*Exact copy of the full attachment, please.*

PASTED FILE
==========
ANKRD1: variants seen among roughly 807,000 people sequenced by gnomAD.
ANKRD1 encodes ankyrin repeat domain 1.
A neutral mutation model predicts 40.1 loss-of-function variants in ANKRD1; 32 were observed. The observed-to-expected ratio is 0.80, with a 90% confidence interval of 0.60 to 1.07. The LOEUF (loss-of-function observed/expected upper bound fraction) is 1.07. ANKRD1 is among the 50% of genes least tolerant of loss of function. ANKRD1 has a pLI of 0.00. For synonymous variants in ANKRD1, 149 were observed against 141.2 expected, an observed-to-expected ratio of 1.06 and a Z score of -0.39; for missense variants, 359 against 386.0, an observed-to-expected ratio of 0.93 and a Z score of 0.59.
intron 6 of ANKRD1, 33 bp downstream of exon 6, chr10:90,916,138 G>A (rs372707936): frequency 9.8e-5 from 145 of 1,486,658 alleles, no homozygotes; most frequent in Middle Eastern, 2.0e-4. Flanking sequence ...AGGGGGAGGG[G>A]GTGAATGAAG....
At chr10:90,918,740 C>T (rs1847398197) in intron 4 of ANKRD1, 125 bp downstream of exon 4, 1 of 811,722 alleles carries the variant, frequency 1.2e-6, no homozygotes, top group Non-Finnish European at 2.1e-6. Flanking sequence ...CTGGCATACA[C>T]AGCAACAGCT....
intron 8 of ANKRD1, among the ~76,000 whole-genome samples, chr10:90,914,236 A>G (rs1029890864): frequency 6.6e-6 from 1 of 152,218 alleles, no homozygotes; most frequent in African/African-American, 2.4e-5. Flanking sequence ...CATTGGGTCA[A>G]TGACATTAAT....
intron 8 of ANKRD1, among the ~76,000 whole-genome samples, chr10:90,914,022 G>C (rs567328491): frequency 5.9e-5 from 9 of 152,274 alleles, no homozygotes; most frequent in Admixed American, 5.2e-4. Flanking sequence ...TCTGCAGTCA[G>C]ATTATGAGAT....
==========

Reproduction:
ANKRD1: variants seen among roughly 807,000 people sequenced by gnomAD.
ANKRD1 encodes ankyrin repeat domain 1.
A neutral mutation model predicts 40.1 loss-of-function variants in ANKRD1; 32 were observed. The observed-to-expected ratio is 0.80, with a 90% confidence interval of 0.60 to 1.07. The LOEUF (loss-of-function observed/expected upper bound fraction) is 1.07. ANKRD1 is among the 50% of genes least tolerant of loss of function. ANKRD1 has a pLI of 0.00. For synonymous variants in ANKRD1, 149 were observed against 141.2 expected, an observed-to-expected ratio of 1.06 and a Z score of -0.39; for missense variants, 359 against 386.0, an observed-to-expected ratio of 0.93 and a Z score of 0.59.
intron 6 of ANKRD1, 33 bp downstream of exon 6, chr10:90,916,138 G>A (rs372707936): frequency 9.8e-5 from 145 of 1,486,658 alleles, no homozygotes; most frequent in Middle Eastern, 2.0e-4. Flanking sequence ...AGGGGGAGGG[G>A]GTGAATGAAG....
At chr10:90,918,740 C>T (rs1847398197) in intron 4 of ANKRD1, 125 bp downstream of exon 4, 1 of 811,722 alleles carries the variant, frequency 1.2e-6, no homozygotes, top group Non-Finnish European at 2.1e-6. Flanking sequence ...CTGGCATACA[C>T]AGCAACAGCT....
intron 8 of ANKRD1, among the ~76,000 whole-genome samples, chr10:90,914,236 A>G (rs1029890864): frequency 6.6e-6 from 1 of 152,218 alleles, no homozygotes; most frequent in African/African-American, 2.4e-5. Flanking sequence ...CATTGGGTCA[A>G]TGACATTAAT....
intron 8 of ANKRD1, among the ~76,000 whole-genome samples, chr10:90,914,022 G>C (rs567328491): frequency 5.9e-5 from 9 of 152,274 alleles, no homozygotes; most frequent in Admixed American, 5.2e-4. Flanking sequence ...TCTGCAGTCA[G>C]ATTATGAGAT....